Why we need to stop trying to 'save the planet' and just realise our place in it
In an extract from his new book the Jolly Pilgrim, Peter Baker argues that a Gaian consciousness is slowly emerging out of our efforts to overcome climate change and other environmental challenges.
The human race has a problem in its relationship with the environment. That problem is an intrinsic consequence of running a technological civilisation on the surface of a planet and it's one we were destined to face since long before perceiving it. Now that we do perceive it, and everybody's talking about it, we should start being more realistic about the historical context of those discussions.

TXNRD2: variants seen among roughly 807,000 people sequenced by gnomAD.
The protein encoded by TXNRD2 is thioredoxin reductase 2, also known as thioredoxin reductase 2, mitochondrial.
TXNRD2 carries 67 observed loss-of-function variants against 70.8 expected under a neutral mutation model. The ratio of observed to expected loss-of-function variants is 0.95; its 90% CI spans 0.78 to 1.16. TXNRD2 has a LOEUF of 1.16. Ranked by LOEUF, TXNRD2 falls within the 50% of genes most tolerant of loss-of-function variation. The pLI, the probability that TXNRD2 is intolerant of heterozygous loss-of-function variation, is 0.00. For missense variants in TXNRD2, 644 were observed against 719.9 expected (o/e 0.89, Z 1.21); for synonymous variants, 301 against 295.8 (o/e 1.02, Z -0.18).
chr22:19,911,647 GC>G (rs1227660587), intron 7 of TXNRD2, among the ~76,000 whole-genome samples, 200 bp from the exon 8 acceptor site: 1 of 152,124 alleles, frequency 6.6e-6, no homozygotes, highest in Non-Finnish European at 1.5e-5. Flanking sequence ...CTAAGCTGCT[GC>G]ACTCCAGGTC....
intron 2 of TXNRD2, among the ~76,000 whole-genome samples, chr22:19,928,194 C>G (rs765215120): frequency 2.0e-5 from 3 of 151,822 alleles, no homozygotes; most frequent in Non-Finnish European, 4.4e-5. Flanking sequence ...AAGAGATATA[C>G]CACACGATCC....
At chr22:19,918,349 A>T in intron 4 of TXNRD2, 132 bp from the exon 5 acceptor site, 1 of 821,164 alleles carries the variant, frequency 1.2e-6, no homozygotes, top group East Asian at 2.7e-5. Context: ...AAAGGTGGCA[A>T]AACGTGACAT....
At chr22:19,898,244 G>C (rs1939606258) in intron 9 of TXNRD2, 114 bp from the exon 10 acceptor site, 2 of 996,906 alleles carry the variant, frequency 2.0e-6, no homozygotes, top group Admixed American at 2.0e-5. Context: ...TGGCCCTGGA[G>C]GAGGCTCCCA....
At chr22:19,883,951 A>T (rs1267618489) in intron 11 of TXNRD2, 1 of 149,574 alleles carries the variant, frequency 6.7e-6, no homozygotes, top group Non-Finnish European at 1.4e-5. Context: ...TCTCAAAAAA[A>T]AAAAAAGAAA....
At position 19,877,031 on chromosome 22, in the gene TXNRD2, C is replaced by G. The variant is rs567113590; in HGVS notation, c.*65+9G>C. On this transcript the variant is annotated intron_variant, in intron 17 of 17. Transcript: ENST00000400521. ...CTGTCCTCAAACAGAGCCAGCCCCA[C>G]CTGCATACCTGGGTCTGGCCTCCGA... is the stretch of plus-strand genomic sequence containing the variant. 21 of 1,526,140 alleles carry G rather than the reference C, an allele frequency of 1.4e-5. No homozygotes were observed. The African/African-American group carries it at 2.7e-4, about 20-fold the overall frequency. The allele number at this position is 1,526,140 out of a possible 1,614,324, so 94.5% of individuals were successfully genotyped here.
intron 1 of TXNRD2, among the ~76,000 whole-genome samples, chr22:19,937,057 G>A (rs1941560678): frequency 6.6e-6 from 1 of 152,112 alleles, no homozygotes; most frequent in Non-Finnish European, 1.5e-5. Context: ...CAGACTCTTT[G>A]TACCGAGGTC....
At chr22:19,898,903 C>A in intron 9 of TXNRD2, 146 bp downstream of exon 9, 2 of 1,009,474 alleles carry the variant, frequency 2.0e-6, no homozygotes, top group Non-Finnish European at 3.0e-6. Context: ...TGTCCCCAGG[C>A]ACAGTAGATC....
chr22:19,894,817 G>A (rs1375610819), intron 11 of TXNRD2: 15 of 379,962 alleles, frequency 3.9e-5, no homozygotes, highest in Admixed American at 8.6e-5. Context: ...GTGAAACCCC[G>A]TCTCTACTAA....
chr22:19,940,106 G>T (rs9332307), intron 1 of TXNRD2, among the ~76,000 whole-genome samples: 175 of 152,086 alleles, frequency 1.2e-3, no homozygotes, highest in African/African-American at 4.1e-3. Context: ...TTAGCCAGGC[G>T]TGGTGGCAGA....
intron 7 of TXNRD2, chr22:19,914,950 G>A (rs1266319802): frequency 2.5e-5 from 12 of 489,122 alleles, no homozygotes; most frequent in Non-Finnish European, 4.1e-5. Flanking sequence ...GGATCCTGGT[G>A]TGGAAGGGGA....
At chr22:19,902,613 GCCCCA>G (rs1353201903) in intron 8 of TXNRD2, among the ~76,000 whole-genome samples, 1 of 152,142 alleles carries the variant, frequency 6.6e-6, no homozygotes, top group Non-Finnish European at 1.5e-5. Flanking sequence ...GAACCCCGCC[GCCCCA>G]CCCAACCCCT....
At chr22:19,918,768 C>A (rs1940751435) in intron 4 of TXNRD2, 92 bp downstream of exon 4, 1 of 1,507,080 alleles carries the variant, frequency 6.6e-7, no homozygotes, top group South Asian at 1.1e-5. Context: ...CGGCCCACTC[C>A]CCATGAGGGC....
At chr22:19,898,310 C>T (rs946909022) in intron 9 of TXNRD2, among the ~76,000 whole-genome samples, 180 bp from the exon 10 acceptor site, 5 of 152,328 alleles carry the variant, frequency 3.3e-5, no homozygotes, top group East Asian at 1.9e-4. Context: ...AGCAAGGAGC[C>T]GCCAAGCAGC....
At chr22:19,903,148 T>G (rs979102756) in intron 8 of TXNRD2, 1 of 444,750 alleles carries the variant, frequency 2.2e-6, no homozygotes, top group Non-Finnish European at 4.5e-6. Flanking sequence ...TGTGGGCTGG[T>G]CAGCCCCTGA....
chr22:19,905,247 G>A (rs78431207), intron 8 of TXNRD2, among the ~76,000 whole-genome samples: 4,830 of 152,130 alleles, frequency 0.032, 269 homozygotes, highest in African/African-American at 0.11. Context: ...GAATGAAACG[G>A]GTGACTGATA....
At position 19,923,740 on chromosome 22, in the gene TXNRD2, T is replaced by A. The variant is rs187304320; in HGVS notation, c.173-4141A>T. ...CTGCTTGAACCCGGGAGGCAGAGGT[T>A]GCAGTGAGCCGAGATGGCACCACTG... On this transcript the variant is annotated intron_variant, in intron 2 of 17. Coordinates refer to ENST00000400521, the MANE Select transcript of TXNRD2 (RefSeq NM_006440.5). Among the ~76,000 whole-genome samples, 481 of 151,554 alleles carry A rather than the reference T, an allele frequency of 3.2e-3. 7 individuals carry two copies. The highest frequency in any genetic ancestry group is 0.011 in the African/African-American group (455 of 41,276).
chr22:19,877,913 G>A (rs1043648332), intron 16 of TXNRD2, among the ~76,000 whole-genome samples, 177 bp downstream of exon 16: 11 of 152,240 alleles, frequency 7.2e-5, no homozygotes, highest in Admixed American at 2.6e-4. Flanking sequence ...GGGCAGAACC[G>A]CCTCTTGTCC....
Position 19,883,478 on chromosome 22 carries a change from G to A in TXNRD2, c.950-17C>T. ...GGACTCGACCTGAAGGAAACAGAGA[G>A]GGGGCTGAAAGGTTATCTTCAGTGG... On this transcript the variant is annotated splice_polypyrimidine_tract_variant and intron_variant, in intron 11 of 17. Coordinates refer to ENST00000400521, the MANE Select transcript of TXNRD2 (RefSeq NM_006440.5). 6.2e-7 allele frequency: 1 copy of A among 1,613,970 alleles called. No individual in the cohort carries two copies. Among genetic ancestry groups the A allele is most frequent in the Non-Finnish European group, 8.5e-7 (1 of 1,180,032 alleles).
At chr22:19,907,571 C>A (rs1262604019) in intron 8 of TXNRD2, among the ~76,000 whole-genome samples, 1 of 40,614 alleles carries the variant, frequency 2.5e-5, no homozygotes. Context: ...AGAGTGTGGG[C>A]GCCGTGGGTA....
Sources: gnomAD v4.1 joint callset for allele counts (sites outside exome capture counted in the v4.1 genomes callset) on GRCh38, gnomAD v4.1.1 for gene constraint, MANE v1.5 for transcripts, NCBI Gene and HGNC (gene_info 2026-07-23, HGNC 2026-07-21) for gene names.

All life forms exploit their surroundings to get what they need to survive. Daisies need sunlight, squirrels need acorns, whales need krill. We humans, however, have always been rather more ambitious about what constitutes our needs and, for 100,000 years, those ambitions and their side effects have been inexorably increasing.
By the time anatomically modern humans were spreading across the globe after 60,000 BCE, already no other animal could stand against us. We'd become the invincible global super-predator. Snuffing out species. Re-ordering food chains. Distorting ecosystems.